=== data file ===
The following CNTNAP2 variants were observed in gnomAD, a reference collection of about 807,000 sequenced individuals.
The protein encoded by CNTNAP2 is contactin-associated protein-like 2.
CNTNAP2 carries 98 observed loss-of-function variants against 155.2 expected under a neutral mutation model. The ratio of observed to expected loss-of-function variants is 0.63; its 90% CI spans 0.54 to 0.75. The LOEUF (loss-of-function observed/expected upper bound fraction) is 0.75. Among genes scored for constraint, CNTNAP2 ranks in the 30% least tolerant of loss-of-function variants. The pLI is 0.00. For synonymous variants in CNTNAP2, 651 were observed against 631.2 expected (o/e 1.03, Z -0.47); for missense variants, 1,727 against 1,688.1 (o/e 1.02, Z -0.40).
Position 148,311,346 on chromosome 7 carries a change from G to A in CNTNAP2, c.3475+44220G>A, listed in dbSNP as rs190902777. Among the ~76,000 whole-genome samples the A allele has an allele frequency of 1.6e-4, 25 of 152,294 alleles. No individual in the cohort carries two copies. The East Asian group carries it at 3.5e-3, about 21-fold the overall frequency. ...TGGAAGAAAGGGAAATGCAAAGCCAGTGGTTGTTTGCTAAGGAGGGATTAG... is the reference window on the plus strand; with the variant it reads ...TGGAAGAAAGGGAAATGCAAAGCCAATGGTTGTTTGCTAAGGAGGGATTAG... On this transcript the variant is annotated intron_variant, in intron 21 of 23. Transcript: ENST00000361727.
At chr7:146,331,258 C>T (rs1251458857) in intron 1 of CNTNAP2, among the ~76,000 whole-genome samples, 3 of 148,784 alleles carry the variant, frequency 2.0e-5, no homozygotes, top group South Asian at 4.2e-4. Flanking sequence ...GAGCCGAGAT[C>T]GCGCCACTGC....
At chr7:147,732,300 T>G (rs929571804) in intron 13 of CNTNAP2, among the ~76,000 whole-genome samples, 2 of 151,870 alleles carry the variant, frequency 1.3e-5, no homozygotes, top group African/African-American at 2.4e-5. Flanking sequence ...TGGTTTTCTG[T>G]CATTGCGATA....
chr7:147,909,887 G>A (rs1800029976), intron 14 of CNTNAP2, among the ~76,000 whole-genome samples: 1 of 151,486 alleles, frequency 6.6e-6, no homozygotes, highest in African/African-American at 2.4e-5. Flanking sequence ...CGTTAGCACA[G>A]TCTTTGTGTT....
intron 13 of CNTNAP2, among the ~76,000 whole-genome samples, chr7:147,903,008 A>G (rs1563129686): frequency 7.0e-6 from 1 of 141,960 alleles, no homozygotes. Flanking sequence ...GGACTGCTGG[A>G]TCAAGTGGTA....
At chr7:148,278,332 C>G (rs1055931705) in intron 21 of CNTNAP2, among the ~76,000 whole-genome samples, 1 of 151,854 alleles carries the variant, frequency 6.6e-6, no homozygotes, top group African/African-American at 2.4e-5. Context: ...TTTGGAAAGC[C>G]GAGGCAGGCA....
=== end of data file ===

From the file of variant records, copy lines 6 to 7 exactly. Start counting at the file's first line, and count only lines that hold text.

At chr7:147,732,300 T>G (rs929571804) in intron 13 of CNTNAP2, among the ~76,000 whole-genome samples, 2 of 151,870 alleles carry the variant, frequency 1.3e-5, no homozygotes, top group African/African-American at 2.4e-5. Flanking sequence ...TGGTTTTCTG[T>G]CATTGCGATA....
chr7:147,909,887 G>A (rs1800029976), intron 14 of CNTNAP2, among the ~76,000 whole-genome samples: 1 of 151,486 alleles, frequency 6.6e-6, no homozygotes, highest in African/African-American at 2.4e-5. Flanking sequence ...CGTTAGCACA[G>A]TCTTTGTGTT....